The policy impact has been considerable, as illustrated by a few examples:
Both negotiators of the pioneering 2016 Morocco-Nigeria BIT met during an UNCTAD-organized IIA training course. Following the WIRs’ blueprint, that BIT contains not only a strong CSR article but also a number of other innovative provisions aimed at balancing investors’ rights and obligations; it also includes an important refinement of the definition of investment by requiring a contribution to sustainable development.
The 2016 draft Pan African Investment Code benefited from UNCTAD comments based on WIR 2012 and WIR 2015 recommendations, explicitly stating in its preamble that the Code takes “into account … the Investment Policy Framework for Sustainable Development of the United Nations Conference on Trade and Development (UNCTAD)”.
The African, Caribbean and Pacific Group of States (ACP) and UNCTAD jointly developed in 2017 the Guiding Principles for Investment Policymaking for ACP member states (78 countries), drawing on the WIR 2012 proposals.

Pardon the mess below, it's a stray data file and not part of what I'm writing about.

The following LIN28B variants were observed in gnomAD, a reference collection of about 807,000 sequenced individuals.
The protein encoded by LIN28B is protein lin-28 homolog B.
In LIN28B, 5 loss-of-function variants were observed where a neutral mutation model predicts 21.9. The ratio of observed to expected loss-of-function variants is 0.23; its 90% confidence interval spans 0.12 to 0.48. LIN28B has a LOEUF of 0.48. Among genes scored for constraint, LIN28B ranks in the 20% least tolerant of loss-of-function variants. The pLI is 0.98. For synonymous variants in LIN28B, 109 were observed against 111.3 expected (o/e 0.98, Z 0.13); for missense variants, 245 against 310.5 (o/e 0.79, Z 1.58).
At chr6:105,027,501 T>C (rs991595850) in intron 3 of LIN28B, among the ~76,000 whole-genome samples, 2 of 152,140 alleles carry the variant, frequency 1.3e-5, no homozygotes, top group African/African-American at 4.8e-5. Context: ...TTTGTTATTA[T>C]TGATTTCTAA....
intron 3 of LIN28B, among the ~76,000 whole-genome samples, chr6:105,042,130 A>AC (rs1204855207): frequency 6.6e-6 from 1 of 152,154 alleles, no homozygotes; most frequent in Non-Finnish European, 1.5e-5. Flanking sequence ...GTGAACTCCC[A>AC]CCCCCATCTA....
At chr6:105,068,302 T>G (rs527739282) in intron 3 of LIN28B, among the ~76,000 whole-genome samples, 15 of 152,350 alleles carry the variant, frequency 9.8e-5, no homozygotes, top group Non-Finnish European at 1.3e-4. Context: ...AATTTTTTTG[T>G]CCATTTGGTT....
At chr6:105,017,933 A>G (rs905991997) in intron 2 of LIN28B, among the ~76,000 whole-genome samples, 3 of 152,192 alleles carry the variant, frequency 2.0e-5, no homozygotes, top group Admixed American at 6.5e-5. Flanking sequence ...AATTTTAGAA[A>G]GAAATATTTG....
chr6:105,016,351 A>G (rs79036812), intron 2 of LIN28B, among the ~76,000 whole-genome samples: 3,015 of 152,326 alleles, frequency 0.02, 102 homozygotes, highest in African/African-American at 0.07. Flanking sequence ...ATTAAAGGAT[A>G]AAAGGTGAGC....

Not only developing countries but developed ones too benefitted from the WIR 2012’s work: In 2016, the European Parliament adopted a resolution that “26. Urges the Commission to advance the UNCTAD comprehensive Investment Policy Framework for Sustainable Development” and “69. Calls on the EU and its Member States to follow UNCTAD’s comprehensive Investment Policy Framework for Sustainable Development recommendations with a view to stimulating more responsible, transparent and accountable investments.”
And, globally, the 2016 G20 Guiding Principles for Global Investment Policymaking drew on UNCTAD’s Investment Policy Framework for Sustainable Development (Zhan, 2016). The G20 Guiding Principles are the first international consensus on investment matters reached among a group of developed, developing and transition economies, accounting for over two-thirds of global outward FDI.
The WIRs’ recommendations are reflected in numerous IIA reforms, undertaken by over 75 countries. In 2019 alone, 82% of the investment treaties concluded that year contained at least nine reform features in line with UNCTAD’s investment policy guidance (WIR 2020: 115).